I started learning Django this summer, with the goal of creating a web based application with a friend.
Having never worked with Python or Django before, the only appropriate response to building this application was “challenge accepted”.
From the git-go (see what I did there), I had issues getting the right versions of Django and Python set up both locally and on the server. After a whole week installing Arch Linux and living in the terminal, I finally got Django setup and running without errors.
We officially unveiled the pre-launch page yesterday, opening the application up for people to stay updated via email.
To me, this project represents the power of autodidactic learning, or learning on your own, not bound by any requirements, grades, or work hours. In fact, everything I know about the web was completely learned on my own, independent of any academic classes.
Being the first time that I worked with Python and Django, there were a lot of things I had to get used to, such as the fact that python uses tabs instead of curly braces, giving me weird indentation errors on occasion.
But I’ve really grown to appreciate the framework, because of the way that it makes so many things so simple, and how intuitive the model-view-template philosophy is. I’m definitely beginning to like Python even more than PHP (gasp).
I’ll spare you the rest of the technical details, because there’s still a lot that I’m learning about Python and Django.
Tallymark is an application designed as a hassle free way to divide costs between people who live together, saving you the trouble of figuring out how to pay each other back. The idea is simple: Have each person log their purchases for the apartment/house/room, and Tallymark will take care of the rest.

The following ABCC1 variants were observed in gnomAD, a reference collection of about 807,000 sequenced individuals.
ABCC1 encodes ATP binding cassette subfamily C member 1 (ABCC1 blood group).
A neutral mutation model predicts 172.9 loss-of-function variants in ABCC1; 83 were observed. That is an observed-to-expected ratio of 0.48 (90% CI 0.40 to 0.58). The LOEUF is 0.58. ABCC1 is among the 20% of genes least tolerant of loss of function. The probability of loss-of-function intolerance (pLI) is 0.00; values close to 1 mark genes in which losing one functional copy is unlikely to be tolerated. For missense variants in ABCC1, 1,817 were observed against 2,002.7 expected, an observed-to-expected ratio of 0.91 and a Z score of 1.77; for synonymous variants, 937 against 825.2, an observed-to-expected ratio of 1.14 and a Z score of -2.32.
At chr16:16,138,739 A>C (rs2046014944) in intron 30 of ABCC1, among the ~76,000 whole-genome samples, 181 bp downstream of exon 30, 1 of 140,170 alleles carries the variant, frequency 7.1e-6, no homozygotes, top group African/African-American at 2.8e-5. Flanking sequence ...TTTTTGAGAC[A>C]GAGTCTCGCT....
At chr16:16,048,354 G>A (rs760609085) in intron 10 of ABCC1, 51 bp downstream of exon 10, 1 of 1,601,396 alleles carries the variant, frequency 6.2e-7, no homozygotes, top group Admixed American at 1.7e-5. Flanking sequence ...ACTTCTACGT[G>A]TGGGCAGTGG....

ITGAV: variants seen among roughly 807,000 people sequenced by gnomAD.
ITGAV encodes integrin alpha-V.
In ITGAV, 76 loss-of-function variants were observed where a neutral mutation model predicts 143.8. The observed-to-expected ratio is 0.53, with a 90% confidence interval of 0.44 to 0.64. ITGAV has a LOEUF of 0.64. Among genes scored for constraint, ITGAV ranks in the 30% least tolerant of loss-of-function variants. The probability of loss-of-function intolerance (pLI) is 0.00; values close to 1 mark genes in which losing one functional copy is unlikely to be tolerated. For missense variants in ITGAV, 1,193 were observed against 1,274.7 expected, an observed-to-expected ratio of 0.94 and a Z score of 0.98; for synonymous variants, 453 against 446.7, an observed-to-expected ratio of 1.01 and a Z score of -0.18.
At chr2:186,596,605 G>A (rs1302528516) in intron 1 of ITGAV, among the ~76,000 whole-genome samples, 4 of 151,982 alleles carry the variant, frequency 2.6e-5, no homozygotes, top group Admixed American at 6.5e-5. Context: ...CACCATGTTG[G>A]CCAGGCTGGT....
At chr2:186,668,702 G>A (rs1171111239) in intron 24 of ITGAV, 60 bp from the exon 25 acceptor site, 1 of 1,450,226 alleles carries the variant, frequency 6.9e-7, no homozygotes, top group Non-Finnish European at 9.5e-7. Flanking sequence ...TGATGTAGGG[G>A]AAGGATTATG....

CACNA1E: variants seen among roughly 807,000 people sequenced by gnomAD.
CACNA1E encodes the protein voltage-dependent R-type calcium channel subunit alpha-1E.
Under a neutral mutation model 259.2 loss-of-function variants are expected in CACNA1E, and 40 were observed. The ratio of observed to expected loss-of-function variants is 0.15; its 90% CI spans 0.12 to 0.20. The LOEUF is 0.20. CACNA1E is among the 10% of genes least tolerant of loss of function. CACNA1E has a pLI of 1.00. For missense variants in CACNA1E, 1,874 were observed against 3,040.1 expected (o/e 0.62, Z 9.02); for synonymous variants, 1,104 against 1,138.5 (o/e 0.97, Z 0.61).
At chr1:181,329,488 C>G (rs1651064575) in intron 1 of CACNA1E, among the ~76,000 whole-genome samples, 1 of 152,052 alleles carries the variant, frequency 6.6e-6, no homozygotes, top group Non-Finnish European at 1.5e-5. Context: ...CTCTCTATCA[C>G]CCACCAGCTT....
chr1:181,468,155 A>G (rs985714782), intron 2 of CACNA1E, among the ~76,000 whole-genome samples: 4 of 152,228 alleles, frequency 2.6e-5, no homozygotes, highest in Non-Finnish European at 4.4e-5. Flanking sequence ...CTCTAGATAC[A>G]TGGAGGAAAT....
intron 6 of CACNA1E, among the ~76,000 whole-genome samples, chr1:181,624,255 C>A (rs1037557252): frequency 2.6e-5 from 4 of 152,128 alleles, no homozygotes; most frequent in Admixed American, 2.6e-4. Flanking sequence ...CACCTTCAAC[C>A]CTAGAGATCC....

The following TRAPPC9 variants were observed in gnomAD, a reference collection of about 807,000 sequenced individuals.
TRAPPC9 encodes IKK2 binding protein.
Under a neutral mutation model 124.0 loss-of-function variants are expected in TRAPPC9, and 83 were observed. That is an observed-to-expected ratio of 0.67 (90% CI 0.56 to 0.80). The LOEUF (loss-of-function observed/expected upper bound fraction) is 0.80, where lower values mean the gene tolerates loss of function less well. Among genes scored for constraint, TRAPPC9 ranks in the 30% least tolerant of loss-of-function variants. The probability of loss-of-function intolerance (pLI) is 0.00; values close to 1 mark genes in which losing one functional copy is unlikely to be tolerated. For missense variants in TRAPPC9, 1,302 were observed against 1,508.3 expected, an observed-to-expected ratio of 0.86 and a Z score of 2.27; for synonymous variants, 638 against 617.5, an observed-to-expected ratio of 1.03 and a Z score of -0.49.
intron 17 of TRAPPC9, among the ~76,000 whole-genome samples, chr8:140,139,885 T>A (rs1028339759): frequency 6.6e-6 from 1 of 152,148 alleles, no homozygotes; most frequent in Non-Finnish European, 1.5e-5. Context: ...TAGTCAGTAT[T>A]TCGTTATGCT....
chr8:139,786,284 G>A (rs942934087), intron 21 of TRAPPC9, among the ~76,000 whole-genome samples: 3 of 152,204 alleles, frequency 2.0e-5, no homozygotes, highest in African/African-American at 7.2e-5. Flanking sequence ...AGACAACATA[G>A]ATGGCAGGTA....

If you’re interested, head on over to http://tallymark.us to stay updated!
Ever since a young age, we have allowed programs and systems to manage our lives.
We all know the feeling of wasting an afternoon on the computer, not really doing much besides endlessly browsing Facebook and randomly surfing the internet. We spend half of our time online on “social networks” that prove to be quite anti-social. So we mindlessly browse around, refreshing the page every 2 minutes, hoping to see something new scroll across our newsfeed.
We are so accustomed to having our schedule managed for us that when we have free time, we don’t know what to do with it. So we occupy ourselves by doing the easiest thing possible, which often is some sort of mindless activity such as watching TV, randomly browsing Facebook, or doing nothing at all.
We find ourselves often bored, because we have nothing to occupy ourselves with. We don’t have enough personal projects or things to do to keep us occupied. It’s a trend that seems to happen every year, as students all across the nation begin their summer breaks. All of a sudden, they are no longer given homework, tests, or academic projects to manage their time.
I’ve realized that people who have found their passions find themselves in boredom far less frequently. The reason is that people who have found passion and purpose are always taking steps in regard to their purpose. If you often find yourself bored with nothing to do, it’s probably a good indicator that you’re used to other people managing your time and telling you what to do.
But at some point in life, something clicks and people make the shift to being intentional about what they want to do, setting clear goals and steps to achieve their goals. Unfortunately, we’re not taught how to manage our time growing up, and so it becomes a cycle of trial and error in order to be productive and creative with our time.
When and how did you learn to manage your time? and what difference did it make?